Given the anatomical simplicity and the extraordinary ability to regenerate missing parts of the body, Cnidaria represent an excellent model for the study of the mechanisms regulating regenerative processes. They possess the mesoglea, an amorphous and practically acellular extracellular matrix (ECM) located between the epidermis and the gastrodermis of the body and tentacles and consists of the same molecules present in the ECM of vertebrates, such as collagen, laminin, fibronectin and proteoglycans. This feature makes cnidarians anthozoans valid models for understanding the ECM role during regenerative processes. Indeed, it is now clear that its role in animal tissues is not just tissue support, but instead plays a key role during wound healing and tissue regeneration. This study aims to explore regenerative events after tentacle amputation in the Mediterranean anemone Anemonia viridis, focusing in detail on the reorganization of the ECM mesoglea. In this context, both enzymatic, biometric and histological experiments reveal how this gelatinous connective layer plays a fundamental role in the correct restoration of the original structures by modifying its consistency and stiffness. Indeed, through the deposition of collagen I, it might act as a scaffold and as a guide for the reconstruction of missing tissues and parts, such as amputated tentacles.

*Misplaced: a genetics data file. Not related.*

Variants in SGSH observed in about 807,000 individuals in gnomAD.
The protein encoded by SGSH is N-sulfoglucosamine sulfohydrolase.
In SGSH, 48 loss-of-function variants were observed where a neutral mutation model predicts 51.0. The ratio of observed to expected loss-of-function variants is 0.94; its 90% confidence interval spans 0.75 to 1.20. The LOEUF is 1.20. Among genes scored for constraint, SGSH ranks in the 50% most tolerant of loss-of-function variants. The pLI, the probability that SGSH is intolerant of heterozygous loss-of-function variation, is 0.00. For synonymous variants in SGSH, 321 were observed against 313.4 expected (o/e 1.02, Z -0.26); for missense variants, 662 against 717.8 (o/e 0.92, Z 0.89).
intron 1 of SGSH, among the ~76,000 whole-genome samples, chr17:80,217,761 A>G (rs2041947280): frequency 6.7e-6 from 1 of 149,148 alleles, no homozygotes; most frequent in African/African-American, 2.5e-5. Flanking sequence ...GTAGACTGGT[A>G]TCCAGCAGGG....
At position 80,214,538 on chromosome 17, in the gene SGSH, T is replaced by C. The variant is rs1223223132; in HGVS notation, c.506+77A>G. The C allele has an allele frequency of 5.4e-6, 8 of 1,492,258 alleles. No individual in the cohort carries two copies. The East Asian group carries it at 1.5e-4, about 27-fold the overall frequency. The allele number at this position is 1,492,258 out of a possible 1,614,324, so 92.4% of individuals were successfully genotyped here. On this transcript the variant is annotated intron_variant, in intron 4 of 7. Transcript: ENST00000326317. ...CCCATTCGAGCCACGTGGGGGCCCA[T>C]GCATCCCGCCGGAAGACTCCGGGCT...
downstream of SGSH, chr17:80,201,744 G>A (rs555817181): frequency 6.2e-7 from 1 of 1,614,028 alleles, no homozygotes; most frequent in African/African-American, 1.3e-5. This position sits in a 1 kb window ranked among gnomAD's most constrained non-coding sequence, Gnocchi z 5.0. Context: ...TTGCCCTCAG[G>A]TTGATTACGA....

|Numero di pagine||16|
|Rivista||International Journal of Molecular Sciences|
|Stato di pubblicazione||Published - 2021|
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